A professional pirate can thus be identified not by the number of engagements, but by the quality of the targets destroyed. Understanding the relationship between risk and reward is key to ensuring an ever growing profit. Richer is the pilot who spends half an hour on the hunt and finds nothing profitable, than one spending two hours hunting something of questionable profit and missing out of true value or risking unnecessarily.

The final mindset being discussed today, because of its apparent relation to the first two is that of the Homicidal capsuleer. This term can definitely be improved upon, but for the moment it is acceptably accurate in describing this mindset.

The homicidal is someone who engages anything and everything that they possibly can. This does not mean they will throw themselves recklessly into any engagement, because they often have many of the characteristics that pirates have. However, unlike the pirate, the homicidal is unlikely to take into account the potential reward versus the risk of engaging. All that matters to them is the destruction of others, unlike the mercenary who is aiming to achieve clear goals through the destruction of enemy ships, and who also has clearly defined enemies most of the time. There is nothing professional in the behaviour of the homicidal, because it is based more on personal glory and emotion than on trying to have a successful career.

They are by far the most depraved and potentially dangerous capsuleer and they are often the very same kind that do not realise the responsibility they owe to their crews as has been discussed in the previous article. Incidentally, they are also least likely to consider the right ships for a certain engagement, relaying always on overwhelming firepower or numbers or simply trying to force their ship into every possible role as has also been discussed.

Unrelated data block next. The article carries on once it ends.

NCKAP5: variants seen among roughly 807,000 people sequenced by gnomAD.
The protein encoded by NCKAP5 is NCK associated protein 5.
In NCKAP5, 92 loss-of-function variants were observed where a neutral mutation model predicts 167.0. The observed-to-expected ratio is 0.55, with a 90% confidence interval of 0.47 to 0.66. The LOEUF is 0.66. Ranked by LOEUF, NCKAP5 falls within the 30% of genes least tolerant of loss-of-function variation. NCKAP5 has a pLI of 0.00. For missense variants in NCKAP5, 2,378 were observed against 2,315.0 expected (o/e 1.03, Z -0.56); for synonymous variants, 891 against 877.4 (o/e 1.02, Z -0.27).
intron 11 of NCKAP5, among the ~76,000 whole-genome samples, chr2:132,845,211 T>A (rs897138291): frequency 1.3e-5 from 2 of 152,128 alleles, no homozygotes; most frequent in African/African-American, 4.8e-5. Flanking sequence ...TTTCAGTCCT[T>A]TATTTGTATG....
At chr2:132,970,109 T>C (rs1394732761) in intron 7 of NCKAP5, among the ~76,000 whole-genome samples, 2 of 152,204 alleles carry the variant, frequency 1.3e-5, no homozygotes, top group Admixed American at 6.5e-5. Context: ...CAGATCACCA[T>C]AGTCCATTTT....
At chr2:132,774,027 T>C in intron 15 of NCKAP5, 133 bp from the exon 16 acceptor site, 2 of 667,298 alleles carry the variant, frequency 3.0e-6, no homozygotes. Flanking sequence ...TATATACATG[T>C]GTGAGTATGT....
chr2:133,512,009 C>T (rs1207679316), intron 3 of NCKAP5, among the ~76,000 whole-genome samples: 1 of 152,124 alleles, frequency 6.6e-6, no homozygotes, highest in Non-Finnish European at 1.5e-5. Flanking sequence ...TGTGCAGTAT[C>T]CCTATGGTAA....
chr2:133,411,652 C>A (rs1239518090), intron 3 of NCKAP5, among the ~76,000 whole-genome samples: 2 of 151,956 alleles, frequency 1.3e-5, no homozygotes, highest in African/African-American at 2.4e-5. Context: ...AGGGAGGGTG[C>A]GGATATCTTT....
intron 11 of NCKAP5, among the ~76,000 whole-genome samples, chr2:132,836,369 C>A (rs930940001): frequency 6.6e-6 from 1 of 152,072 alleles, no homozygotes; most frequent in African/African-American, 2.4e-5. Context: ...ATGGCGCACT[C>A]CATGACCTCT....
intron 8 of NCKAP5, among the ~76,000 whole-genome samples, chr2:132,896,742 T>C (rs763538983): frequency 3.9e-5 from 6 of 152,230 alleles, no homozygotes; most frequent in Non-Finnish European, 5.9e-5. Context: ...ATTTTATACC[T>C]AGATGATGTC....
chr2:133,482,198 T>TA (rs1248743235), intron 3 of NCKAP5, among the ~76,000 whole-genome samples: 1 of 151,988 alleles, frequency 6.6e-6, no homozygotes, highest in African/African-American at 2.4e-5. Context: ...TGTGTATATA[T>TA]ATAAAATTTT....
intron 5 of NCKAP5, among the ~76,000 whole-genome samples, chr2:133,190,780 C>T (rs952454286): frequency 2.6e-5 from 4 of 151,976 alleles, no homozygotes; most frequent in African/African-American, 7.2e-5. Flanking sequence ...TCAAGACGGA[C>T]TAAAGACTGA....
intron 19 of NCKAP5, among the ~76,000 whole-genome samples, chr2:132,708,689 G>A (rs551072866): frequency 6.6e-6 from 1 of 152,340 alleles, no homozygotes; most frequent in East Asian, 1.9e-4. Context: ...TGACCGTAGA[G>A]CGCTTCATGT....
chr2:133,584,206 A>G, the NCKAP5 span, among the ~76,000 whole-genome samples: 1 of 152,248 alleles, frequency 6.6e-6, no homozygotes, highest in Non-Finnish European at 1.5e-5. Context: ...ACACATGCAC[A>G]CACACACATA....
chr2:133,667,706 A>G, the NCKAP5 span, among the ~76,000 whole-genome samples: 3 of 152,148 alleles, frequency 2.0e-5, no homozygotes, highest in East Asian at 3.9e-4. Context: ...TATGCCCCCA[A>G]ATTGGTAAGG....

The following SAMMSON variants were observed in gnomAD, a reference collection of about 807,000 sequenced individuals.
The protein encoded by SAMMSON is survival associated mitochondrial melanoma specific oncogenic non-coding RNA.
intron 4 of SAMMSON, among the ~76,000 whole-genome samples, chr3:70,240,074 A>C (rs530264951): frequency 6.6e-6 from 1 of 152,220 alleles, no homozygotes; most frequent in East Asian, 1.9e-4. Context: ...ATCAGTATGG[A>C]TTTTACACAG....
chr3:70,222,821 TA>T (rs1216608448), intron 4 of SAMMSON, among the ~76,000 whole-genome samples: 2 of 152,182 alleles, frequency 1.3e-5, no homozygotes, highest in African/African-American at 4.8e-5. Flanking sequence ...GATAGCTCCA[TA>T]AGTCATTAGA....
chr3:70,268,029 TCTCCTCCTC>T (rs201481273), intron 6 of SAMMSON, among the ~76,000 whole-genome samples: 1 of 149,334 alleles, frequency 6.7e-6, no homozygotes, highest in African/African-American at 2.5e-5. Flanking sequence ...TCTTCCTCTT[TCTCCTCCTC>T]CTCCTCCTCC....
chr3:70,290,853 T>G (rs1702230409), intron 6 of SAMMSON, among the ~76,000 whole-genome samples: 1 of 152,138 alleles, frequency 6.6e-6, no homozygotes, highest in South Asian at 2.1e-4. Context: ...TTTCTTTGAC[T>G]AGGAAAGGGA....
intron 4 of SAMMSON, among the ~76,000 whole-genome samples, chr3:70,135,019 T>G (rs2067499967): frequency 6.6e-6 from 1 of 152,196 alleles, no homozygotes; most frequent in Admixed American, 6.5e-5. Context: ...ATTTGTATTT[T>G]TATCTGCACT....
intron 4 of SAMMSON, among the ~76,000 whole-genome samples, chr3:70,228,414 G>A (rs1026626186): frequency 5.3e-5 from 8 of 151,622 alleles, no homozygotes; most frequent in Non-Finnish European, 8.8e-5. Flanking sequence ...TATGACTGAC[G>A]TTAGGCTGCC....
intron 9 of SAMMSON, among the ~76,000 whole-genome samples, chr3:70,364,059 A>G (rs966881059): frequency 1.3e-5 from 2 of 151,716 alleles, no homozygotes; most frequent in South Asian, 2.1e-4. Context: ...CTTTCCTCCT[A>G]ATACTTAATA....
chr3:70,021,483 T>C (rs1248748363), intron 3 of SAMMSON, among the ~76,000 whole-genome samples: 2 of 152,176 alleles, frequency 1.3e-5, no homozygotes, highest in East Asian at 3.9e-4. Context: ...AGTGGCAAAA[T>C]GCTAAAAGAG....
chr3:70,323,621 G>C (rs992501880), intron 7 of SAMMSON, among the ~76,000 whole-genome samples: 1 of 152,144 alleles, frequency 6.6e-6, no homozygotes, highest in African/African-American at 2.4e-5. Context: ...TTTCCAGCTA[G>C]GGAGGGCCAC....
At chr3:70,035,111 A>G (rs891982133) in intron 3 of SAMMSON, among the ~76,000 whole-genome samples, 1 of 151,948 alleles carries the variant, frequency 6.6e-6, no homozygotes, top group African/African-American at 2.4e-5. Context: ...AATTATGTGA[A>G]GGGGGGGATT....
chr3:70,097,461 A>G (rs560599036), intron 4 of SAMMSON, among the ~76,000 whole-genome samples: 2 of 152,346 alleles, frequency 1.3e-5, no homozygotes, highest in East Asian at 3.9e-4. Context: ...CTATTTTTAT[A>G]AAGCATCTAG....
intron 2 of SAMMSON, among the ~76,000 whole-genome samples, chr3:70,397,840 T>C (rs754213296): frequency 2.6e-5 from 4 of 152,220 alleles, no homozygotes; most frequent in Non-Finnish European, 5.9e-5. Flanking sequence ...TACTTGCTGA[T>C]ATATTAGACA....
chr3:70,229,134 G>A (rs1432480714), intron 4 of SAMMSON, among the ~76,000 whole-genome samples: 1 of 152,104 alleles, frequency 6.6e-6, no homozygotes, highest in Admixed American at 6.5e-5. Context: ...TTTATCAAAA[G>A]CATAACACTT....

Even though there are some similarities between these mindsets, for instance the use of force and possibly motivation, they can be completely distinguished from one another based on modus operandi. Each one has distinct features, and though a pilot or corporation will often try and market themselves as a certain one of these, one has to take a clear look at how they approach situations before accepting their claims.

PS. This article is by no means a full study of all the different mindsets and motivations, nor is it a complete study of the ones mentioned. Rather it is aimed at being a starting point for further study by highlighting some of the often confused differences between these three mindsets, and showing distinct features of each.


A Question of Scale.

A good indication of how far we have gone from our human roots and formed our own little society of demi-gods is our disregard of crews and the roles they play in our daily lives. We prance around believing that we, and our problems, are the centre of the universe.

For instance, my current crew composes:

Ship and Hanger Personnel
37,122 Active Ship Crew
5,063 Reserve Ship Crew
21,450 Dock and Maintenance Personnel
257 Cleaning Crew

Ground Personnel
897 Medical Personnel
2,001 Administration Personnel
132 Intelligence Personnel
416 Communications Personnel
1,054 Part Time and Unofficial Agents

Security Forces
120 Kameiras
4,000 Caldari Armoured Mercenaries
3,229 Mordu’s Storm Troopers
512 Intaki Ex-Freedom Fighters
3,010 Thukker Freemen
7 Angel Cartel Advisors
1,500 Angel Cartel Security Personnel
12 – 100 Grenadiers

This means that I have nearly 80,000 people in my employment and dependant on me and this does not even include their families or dependants. We easily forget that we rival small corporations, or even small planets in some cases in terms of financial capacity and market power. My security forces are at Division strength, and my personal guard, chosen from the regular forces based on performance varies between 12 and 100, depending on the situation.